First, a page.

File APIs for Java Developers
Manipulate DOC, XLS, PPT, PDF and many others from your application.
The moose likes JSF and the fly likes yesno() Big Moose Saloon
  Search | Java FAQ | Recent Topics | Flagged Topics | Hot Topics | Zero Replies
Register / Login
JavaRanch » Java Forums » Java » JSF
Bookmark "yesno() " Watch "yesno() " New topic


odemir olivatti

Joined: May 28, 2010
Posts: 2
Hello all, I am new with JSF and not sure if this can be done with Icefaces 1.8.2 ( + Jboss Seam 2.2)
Inside a bean method, I want to open a popup to the end user, get the answer,
and continue the method acording with the user s answer.
The jsf:
<ice:commandButton action="#{bean.command()}"
value="Start" id="poupupcmdId1" />

The bean method:
public void command()
boolean answer=yesno("Yes or No ?"); // here, I need to render a popup and get the answer
if ( answer)"yes");

I did tried something based on the Seam s showcase Progress Bar, but the
rManager.getOnDemandRenderer(sessionId).requestRender(); only works after the JSF lifecycle.
Tim Holloway
Saloon Keeper

Joined: Jun 25, 2001
Posts: 17410

HTTP, J2EE and JSF are not "client/server" systems in the sense that a server can send unsolicited messages (including pop-ups) to the client. Every request must have one and only one response, and no responses may be sent without a request being made from the client. The actual limitation is in HTTP protocol, but since that's what J2EE and JSF are built on - at least for what you're interested in - the limitation applies to all of them. In actual fact, there's no long-term connection to an HTTP server at all. Each request/response is effectively a one-shot session. We use various tricks such as HTTPSession to give the illusion of a continuous conversation, but in the end, it's only an illusion.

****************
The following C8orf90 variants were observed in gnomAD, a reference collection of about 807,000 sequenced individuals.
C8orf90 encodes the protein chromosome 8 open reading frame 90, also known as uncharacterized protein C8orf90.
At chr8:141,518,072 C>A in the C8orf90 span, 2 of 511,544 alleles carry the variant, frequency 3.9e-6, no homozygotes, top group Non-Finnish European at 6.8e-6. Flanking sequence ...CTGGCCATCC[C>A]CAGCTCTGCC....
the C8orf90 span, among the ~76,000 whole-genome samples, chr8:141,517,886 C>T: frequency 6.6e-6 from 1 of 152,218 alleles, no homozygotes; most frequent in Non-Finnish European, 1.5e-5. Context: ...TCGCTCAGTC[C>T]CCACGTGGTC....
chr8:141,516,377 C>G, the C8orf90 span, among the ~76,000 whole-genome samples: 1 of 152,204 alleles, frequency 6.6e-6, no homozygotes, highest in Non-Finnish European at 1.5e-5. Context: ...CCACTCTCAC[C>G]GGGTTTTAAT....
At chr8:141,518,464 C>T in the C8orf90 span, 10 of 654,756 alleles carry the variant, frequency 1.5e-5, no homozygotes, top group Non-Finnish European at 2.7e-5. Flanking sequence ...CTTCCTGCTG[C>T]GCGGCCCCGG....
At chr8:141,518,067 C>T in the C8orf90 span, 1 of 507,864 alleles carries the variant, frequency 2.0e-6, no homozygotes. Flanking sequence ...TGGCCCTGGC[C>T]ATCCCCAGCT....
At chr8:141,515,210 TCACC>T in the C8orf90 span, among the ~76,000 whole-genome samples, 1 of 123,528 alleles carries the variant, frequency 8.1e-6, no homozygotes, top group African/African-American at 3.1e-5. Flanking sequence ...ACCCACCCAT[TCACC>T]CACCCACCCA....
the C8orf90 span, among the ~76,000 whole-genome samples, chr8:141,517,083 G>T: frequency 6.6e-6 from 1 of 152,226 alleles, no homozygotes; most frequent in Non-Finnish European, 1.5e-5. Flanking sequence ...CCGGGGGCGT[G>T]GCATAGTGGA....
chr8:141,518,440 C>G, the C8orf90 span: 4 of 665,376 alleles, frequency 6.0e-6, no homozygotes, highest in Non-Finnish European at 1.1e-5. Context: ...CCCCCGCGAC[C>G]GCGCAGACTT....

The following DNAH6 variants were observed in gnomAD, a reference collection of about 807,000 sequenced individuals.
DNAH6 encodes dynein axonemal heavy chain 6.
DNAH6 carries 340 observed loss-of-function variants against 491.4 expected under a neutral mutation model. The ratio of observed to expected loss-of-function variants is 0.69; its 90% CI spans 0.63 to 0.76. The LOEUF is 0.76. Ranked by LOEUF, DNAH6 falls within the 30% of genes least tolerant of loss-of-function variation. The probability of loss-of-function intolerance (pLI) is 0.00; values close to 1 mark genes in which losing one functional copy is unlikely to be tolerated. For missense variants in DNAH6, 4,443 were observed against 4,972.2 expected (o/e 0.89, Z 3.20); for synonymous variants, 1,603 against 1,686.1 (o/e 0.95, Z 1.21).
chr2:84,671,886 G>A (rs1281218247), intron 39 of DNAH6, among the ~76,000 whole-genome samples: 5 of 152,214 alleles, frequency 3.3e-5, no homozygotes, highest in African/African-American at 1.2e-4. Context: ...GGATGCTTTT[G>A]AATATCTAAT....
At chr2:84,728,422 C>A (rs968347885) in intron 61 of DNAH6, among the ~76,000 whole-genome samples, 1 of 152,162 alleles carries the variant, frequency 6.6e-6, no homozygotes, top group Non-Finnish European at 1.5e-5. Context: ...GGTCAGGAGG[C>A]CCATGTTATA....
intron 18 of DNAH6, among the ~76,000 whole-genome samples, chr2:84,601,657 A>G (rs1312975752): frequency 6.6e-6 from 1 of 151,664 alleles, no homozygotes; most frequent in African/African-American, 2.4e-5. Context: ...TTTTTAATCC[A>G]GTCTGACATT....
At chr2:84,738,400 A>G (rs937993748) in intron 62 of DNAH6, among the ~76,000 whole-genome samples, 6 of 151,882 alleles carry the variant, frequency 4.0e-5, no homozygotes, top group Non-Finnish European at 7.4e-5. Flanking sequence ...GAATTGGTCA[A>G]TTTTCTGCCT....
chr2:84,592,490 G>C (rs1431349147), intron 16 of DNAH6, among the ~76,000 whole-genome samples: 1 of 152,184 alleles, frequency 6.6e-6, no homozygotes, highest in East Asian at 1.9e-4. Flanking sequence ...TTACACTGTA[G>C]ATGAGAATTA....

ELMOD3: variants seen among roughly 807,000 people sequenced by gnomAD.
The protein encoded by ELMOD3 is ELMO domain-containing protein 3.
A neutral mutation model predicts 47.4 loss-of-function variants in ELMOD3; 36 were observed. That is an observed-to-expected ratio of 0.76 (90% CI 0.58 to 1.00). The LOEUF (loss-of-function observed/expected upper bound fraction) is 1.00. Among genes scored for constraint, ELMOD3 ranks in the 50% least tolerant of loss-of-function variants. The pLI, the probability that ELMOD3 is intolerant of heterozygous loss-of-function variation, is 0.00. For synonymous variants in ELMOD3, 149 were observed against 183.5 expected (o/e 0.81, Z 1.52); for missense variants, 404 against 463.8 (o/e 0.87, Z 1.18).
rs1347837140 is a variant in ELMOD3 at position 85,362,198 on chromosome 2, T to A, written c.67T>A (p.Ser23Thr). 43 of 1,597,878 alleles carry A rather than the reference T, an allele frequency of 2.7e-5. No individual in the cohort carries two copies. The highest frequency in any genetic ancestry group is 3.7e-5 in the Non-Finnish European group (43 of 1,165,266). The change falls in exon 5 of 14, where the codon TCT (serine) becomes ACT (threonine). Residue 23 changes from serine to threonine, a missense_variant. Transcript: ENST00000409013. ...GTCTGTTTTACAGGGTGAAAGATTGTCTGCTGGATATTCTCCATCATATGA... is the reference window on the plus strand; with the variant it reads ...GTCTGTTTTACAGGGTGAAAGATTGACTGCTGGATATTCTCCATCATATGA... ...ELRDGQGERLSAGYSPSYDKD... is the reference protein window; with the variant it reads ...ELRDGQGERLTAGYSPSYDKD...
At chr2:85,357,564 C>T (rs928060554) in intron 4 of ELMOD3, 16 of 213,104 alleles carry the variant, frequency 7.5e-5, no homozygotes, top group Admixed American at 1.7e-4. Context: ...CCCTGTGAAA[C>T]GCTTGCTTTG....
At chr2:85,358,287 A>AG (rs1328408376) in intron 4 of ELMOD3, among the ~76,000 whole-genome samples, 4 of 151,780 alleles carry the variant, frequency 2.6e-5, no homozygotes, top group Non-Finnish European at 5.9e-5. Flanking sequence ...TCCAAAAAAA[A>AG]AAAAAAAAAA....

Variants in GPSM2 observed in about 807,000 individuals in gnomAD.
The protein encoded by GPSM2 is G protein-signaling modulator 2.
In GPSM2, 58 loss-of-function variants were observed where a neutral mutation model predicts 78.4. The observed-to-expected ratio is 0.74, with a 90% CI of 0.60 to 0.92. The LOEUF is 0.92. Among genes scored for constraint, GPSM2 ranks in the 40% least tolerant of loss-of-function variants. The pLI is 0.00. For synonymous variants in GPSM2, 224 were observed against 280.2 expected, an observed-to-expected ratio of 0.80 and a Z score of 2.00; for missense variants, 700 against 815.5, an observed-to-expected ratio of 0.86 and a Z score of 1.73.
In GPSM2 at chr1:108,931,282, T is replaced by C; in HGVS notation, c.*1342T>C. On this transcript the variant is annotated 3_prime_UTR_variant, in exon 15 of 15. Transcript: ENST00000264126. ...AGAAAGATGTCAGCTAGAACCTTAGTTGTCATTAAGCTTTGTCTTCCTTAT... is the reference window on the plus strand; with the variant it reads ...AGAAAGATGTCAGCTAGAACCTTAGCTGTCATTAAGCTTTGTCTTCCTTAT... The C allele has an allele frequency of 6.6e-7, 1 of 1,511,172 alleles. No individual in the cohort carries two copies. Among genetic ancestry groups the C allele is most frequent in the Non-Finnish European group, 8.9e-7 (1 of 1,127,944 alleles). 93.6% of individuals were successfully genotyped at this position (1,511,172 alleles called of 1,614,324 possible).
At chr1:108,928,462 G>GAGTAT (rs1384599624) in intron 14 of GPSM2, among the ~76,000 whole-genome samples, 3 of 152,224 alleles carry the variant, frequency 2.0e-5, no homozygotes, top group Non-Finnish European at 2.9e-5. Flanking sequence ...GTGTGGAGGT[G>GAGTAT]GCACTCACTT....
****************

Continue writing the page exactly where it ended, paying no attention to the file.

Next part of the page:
Usually what you end up doing is using JavaScript to ask the yes/no before the View is submitted. For example, in a Delete button's "onclick" function, ask "OK to Delete?" using a JavaScript confirmation dialog, then cancel the submit if the user clicks "Cancel". When JavaScript is disabled, you have to fall back to an "OK to delete" webpage instead, then either return to the original page or go forward if the delete is confirmed.

An IDE is no substitute for an Intelligent Developer.
odemir olivatti

Joined: May 28, 2010
Posts: 2
Hi Tim, thanks for the information, but I know a web 2 tools,named Unify NXJ(not open,and not JSF) that
has a feature like that.. I don´t know how they do, but they do...
About the a javascript to do the yesno before the submitting,
the Icefaces (where you can send information to the browser from the server using server side async rendering ) has the ice:panelConfirmation that works great for that.
Follow the Unify NXJ´s API for their yesno function
public final int optionButtonPrompt(String message,
String[] options,
int defaultOptionIndex,
int promptTimeoutInterval)
throws NXJPromptClientLostException
Prompts a message to the user during execution of an application. The optionButtonPrompt is used for prompting messages in a dialog. The dialog contains buttons for each of the options specified. Choosing a button returns the index of the option. Choosing Cancel returns -1. If the user does not respond within the specified time interval, it returns -2.